Messages all Around Us
I am just about old enough to remember the crystal set – that early form of radio, or rather wireless as it was then called, which required the contact between a thin wire known as the cat’s whisker, and the surface of a small crystalline substance. How it worked I know not, but that a crackling sound, which with some difficulty could be recognised as a human voice, came from it I do recollect, and we marvelled at it as well we might.
I remember, though, more clearly the wireless sets in wooden cases with the cut-out fretwork fronts, the long pointer which moved over a semi-circular dial to call up Droitwich and Daventry, the silver coated valves inside and the accumulator batteries which had to be regularly re-charged, in our case at the local cobbler’s shop. But what I recall also, and what remains with me to the present day, is an emotion, partly of puzzlement but mainly of awe, that a small piece of wire waving in the air – the aerial – could capture sounds of speech and music produced tens, hundreds or even thousands of miles away, and conduct these sounds through the set into our own houses.
“It is perfectly simple”, no doubt the scientist will tell us, but the magic of that seemingly miraculous trick is not tarnished by explanation. That words spoken in Stranraer or San Sebastian fill the air around us in Sheffield or in San Francisco, waiting to be captured on small pieces of metal sticking up and connected to a box of electrical parts, is breathtakingly wonderful, and so shall I always view it.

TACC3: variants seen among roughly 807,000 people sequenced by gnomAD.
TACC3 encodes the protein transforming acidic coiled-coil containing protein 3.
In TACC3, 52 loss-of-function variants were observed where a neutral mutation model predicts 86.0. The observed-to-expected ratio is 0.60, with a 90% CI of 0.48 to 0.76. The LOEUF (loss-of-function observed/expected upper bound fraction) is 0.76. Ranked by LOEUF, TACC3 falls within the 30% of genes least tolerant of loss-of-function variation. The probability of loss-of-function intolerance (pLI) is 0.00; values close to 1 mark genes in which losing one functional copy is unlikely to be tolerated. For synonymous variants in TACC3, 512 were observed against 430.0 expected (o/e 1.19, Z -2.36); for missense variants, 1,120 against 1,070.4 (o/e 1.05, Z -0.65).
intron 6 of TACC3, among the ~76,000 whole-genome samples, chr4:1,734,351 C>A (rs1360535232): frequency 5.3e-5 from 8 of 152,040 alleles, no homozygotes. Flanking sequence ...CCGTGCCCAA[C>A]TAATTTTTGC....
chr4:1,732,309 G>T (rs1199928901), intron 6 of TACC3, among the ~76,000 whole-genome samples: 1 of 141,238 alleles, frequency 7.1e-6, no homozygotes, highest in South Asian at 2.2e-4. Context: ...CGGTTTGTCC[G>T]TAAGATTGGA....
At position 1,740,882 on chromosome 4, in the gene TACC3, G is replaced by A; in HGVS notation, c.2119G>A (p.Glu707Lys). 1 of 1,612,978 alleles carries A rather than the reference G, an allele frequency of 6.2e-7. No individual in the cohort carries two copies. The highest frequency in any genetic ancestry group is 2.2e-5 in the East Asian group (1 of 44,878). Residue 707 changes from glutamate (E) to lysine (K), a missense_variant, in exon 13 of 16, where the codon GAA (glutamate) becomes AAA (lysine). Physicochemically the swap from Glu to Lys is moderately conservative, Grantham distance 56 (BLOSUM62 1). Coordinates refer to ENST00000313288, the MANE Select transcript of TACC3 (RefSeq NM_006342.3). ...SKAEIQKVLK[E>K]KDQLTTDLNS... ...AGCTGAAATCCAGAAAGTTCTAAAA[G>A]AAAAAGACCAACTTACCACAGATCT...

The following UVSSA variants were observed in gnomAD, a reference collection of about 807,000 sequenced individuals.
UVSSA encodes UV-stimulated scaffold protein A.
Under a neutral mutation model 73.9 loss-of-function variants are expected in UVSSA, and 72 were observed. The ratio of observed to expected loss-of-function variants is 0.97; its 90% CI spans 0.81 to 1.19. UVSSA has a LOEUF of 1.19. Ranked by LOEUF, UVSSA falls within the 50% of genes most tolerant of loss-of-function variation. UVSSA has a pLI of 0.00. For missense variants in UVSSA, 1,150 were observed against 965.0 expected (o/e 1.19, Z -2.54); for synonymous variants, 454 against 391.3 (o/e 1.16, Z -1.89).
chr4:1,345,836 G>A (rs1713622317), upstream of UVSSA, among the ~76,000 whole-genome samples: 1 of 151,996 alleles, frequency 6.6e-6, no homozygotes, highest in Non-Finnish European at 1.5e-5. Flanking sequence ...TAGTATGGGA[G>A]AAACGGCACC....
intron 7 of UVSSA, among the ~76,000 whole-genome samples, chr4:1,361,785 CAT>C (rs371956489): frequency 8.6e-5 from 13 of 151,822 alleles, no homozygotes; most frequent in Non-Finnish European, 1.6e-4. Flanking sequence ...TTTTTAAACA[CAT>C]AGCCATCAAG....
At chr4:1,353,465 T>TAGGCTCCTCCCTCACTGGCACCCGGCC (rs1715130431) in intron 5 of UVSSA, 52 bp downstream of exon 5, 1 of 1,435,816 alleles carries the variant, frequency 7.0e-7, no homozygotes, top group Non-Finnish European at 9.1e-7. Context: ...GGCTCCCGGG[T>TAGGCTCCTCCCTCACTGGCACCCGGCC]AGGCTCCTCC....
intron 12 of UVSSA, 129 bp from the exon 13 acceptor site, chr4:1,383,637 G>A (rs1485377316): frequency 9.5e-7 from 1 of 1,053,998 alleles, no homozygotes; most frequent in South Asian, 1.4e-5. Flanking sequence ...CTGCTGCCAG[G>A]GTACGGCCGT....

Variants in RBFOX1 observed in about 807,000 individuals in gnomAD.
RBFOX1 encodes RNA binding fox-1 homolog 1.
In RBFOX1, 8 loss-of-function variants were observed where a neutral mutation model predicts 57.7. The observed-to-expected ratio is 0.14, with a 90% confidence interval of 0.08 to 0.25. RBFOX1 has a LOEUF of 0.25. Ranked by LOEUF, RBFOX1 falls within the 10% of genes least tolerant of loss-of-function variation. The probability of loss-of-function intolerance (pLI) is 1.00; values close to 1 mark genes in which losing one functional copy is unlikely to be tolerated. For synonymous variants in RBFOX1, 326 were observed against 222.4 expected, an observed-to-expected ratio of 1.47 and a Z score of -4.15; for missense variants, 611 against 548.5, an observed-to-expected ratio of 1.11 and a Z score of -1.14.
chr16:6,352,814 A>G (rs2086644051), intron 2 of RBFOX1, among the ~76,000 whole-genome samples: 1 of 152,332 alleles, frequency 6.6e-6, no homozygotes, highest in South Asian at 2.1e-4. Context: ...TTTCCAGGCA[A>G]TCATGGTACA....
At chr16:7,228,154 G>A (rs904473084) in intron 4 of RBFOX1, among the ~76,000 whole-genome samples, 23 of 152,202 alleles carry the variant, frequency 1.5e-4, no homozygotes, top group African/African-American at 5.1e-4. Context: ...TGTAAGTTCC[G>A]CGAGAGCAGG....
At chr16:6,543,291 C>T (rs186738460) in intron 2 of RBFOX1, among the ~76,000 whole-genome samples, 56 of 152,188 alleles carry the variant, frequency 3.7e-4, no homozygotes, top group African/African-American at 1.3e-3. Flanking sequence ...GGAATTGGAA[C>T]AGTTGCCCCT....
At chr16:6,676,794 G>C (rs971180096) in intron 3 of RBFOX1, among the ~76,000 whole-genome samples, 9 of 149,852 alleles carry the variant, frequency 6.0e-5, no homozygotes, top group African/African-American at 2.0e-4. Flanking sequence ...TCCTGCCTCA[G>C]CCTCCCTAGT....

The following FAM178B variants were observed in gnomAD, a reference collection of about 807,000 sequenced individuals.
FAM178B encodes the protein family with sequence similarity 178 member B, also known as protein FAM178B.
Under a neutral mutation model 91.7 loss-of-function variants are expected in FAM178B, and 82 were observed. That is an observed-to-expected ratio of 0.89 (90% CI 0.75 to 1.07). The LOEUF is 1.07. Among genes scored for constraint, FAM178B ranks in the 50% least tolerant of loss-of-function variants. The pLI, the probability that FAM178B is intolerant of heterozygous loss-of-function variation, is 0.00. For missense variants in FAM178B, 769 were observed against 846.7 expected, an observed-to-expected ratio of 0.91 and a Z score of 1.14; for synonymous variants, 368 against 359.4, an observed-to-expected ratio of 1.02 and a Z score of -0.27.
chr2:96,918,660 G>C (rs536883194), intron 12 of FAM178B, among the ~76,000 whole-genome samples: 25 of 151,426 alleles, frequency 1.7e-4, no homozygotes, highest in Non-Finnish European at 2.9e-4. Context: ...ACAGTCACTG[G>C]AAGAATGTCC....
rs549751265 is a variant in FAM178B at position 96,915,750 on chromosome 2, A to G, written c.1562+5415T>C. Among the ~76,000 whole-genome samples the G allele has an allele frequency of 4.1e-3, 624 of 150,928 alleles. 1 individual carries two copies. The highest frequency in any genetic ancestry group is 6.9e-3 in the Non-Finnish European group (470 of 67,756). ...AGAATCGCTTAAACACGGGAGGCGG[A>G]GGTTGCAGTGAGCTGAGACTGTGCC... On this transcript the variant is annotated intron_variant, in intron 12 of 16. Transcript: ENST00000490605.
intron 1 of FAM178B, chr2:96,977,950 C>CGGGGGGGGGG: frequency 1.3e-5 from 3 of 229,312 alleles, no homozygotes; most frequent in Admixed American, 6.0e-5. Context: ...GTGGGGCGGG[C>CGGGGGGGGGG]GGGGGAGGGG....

Of course, if the air was full of words and music waiting to be captured in my youth, how much more is that true now. And not only words and music, but pictures and what the computer buff calls data or information. The air around us is a veritable Tower of Babel, as television stations, satellites, mobile telephones, national radio stations, local radio stations, radar installations, aircraft, ships, space-craft and goodness knows who else scatter their messages and images into the air, to fall to earth God knows where.
We may sit quietly, conscious of no disturbance, as all is silence and peace, and yet, with the right boxes of tricks, we could pluck out from that silence conversations, music, images of folk far away, cries for help, reports of battles in distant lands, happy laughter from Birmingham or screams of terror from Burundi. I find it awe inspiring. The apparent silence around us is in reality a cacophony of sound, a portfolio of views, an encyclopaedia of information. All we need to access it is a magic box of tricks, a piece of equipment which will translate the unseen to the seen, the unheard into recognisable sound.